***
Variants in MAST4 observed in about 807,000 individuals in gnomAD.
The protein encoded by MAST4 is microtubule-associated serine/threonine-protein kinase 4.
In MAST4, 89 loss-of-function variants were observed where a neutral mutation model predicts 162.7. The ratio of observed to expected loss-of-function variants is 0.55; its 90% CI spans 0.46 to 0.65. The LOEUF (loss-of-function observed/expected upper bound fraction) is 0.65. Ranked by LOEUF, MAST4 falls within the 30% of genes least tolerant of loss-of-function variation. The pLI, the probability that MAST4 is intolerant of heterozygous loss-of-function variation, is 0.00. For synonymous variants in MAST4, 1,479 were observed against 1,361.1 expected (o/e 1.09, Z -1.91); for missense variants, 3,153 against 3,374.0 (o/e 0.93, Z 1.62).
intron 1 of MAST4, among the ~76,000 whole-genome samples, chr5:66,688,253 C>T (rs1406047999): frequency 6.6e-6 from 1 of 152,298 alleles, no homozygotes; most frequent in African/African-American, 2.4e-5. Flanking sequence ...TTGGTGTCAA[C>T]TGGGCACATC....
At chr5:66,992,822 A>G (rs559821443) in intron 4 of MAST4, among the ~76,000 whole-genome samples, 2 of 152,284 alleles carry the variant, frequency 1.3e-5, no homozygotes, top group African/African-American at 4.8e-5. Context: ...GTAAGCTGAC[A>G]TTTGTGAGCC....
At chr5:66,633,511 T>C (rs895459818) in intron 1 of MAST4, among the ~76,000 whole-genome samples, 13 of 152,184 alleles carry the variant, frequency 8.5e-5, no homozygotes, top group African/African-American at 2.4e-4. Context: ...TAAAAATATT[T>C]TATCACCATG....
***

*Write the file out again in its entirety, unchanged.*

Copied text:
Variants in MAST4 observed in about 807,000 individuals in gnomAD.
The protein encoded by MAST4 is microtubule-associated serine/threonine-protein kinase 4.
In MAST4, 89 loss-of-function variants were observed where a neutral mutation model predicts 162.7. The ratio of observed to expected loss-of-function variants is 0.55; its 90% CI spans 0.46 to 0.65. The LOEUF (loss-of-function observed/expected upper bound fraction) is 0.65. Ranked by LOEUF, MAST4 falls within the 30% of genes least tolerant of loss-of-function variation. The pLI, the probability that MAST4 is intolerant of heterozygous loss-of-function variation, is 0.00. For synonymous variants in MAST4, 1,479 were observed against 1,361.1 expected (o/e 1.09, Z -1.91); for missense variants, 3,153 against 3,374.0 (o/e 0.93, Z 1.62).
intron 1 of MAST4, among the ~76,000 whole-genome samples, chr5:66,688,253 C>T (rs1406047999): frequency 6.6e-6 from 1 of 152,298 alleles, no homozygotes; most frequent in African/African-American, 2.4e-5. Flanking sequence ...TTGGTGTCAA[C>T]TGGGCACATC....
At chr5:66,992,822 A>G (rs559821443) in intron 4 of MAST4, among the ~76,000 whole-genome samples, 2 of 152,284 alleles carry the variant, frequency 1.3e-5, no homozygotes, top group African/African-American at 4.8e-5. Context: ...GTAAGCTGAC[A>G]TTTGTGAGCC....
At chr5:66,633,511 T>C (rs895459818) in intron 1 of MAST4, among the ~76,000 whole-genome samples, 13 of 152,184 alleles carry the variant, frequency 8.5e-5, no homozygotes, top group African/African-American at 2.4e-4. Context: ...TAAAAATATT[T>C]TATCACCATG....